Most of us who follow sports have a sort of mental photo album, kind of like a file folder of images which for one reason or another ended up indelibly etched in our minds.
Sometimes the image is just what you'd expect: a snapshot of joy from a signal victory of some kind, or a favorite player on a favorite team scoring a crucial goal.
But for me at least, some of the most poignant ones are from the aftermath of some really painful loss or other. Maybe it's just because I've given over decades of my life to supporting bad teams, I really don't know.
However that may be, one such image burned into my memory is from immediately after the bitter loss to Germany in the 2002 World Cup.
Goal line handling aside, the US simply outplayed the Germans that day, and the Germans - players, writers and fans alike - were the first ones to say so. The US was the better team that day, making the fact that it was Germany going through to the semifinals instead of us all the more difficult to bear.
The image I have - maybe there's a photo someplace, but I've never seen it - is of an obviously distraught, totally drained and on-the-verge-of-sobbing Landon Donovan walking off the field with Cobi Jones.
Jones has an arm around Donovan, but it's a fierce arm, almost an embrace, as if Cobi is afraid that Donovan will crumple to the ground without it.
Jone's face is mere inches from Landon's, and he's speaking rapidly, urgently, trying to get some eye contact, delivering a message. It didn't take much imagination to know what he was saying.
This had been Jone's last hurrah. Indeed, he was probably the most controversial of Arena's picks. (The other contender was Tony Meola, which was vintage Arena; if it came down to our third keeper then the sky had fallen in and more than anything else Arena wanted a guy whose name he could call in the middle of a disaster who wouldn't immediately crap his pants.)
Jones was past it, his best days were behind him and what was needed was the flavor of the month, whatever Johnny Rocketleg fans were enamored with at the moment. A lot of fans, myself included, demanded to know what Jones could possibly contribute.
In the game prior to the Germany match, the brutal, take-no-prisoners war with Mexico, we had gotten our answer. Clinging to a 2-0 lead, with seconds seeming like hours as time ran down, in came Jones with one mission: kill the clock.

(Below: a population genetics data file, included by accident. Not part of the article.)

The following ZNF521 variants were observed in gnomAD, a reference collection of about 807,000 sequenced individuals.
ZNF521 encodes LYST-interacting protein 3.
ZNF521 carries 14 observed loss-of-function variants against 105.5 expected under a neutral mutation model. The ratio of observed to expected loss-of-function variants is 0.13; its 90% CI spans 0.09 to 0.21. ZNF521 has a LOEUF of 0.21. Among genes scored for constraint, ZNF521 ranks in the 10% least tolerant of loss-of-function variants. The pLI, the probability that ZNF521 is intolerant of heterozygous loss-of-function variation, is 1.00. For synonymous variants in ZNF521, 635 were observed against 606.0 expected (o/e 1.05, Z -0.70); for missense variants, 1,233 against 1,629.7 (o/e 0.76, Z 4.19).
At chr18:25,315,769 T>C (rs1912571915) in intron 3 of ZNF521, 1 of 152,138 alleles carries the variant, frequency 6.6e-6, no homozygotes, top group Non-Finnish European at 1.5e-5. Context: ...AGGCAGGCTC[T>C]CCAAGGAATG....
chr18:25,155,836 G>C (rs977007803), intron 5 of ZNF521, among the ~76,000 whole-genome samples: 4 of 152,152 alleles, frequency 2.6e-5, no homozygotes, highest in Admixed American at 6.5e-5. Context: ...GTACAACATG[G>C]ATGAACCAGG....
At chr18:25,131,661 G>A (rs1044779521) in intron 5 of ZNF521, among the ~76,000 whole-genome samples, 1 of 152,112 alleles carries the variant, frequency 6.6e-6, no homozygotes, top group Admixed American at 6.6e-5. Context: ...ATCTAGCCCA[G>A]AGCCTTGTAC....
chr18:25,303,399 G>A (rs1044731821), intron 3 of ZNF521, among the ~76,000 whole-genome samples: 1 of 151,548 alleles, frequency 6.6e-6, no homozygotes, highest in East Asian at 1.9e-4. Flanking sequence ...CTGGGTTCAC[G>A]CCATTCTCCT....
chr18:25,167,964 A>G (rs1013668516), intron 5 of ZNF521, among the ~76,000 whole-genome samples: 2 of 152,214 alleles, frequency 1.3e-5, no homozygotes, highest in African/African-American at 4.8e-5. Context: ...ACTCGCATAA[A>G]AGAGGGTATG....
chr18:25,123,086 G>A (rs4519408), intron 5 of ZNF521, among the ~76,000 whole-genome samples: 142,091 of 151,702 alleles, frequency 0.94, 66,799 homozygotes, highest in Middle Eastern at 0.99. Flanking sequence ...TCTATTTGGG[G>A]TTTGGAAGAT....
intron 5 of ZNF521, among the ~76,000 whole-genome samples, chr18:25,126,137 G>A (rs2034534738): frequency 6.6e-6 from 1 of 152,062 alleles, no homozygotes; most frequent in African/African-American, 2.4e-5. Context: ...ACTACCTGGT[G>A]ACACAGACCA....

And seldom, if ever, have I seen one player receive a fiercer, more shameless and savage physical beating on a soccer field than Jones got in the last ten minutes of that game. Who can forget him taking the ball deep into the Mexico corners with two green-clad players, anger and frustration finally boiling over, beating the guy like they'd caught him stealing their car? At one point, Jones was literally lying face down in the dirt while two Mexican players stomped on him like a vat full of last year's grapes.
Jones was there because Jones had been there. He knew his job, nobody was going to rattle him and to beat him you were going to have to kill him. It was that simple.
Speed didn't matter. Skill didn't matter. Balls mattered. And Jones showed up.
So there they were, four days later, Donovan and Jones walking off the Munsu Stadium field together oblivious to the celebration exploding around them. It was Jone's third and last World Cup team and he knew it. It was Donovan's first World Cup team and everyone knew there would be many more.
I'm not going to pretend that I know what Cobi said that day. That will forever be between them. But for at least one fan it was as literal a passing of the torch as you'll ever see.
For the US Men's National Team, there hasn't been much of a debate the last few years over who the best player is. Everybody knows.
But being the best player isn't the same as that being your team.
And in truth, too many times Donovan just didn't seem to show up. Or he'd drift in and out of games, disappearing for long stretches as surely as if he'd taken a seat in the first row.
And of course he still carries what now amounts to not much less than a stigma: sure he can dominate an MLS game, but he's just not good enough to make it someplace that really matters. He hasn't got the game. He hasn't got the guts. He'd rather be at home with his woman. You've heard it all a million times.
Along with that, of course, is the nickname. There's no mistaking exactly what it means: he's soft, a nancy boy, a poof, a show pony. If it's not exactly calling him a homosexual, it's surely the next best thing.
And even as normally civil a commenter as Ollie Irish has referred to him using the name. It's common parlance now, part of the soccer insider's argot.
Now I know that a lot of people will be using that term when referring to Donovan even if he scores 10 World Cup goals while leading us to glory. Like the man says, some names just kind of stick to a guy.
Fair enough, I suppose. I'm certain he can take it.
But it says here that I haven't seen Landycakes in South Africa over the last ten days. What I've seen is a guy out there busting his ass, trying to drag a bunch of plowhorses over the finish line. A guy who never quit for a second, never took a break, never stopped trying.
Maybe it's a one-off, as they say: maybe we'll never see it again.
And maybe, just maybe, this has finally become what it was supposed to become; what Cobi thought it could be, and what we've all known it had to be in order to succeed:
Maybe it's finally become Landon's team.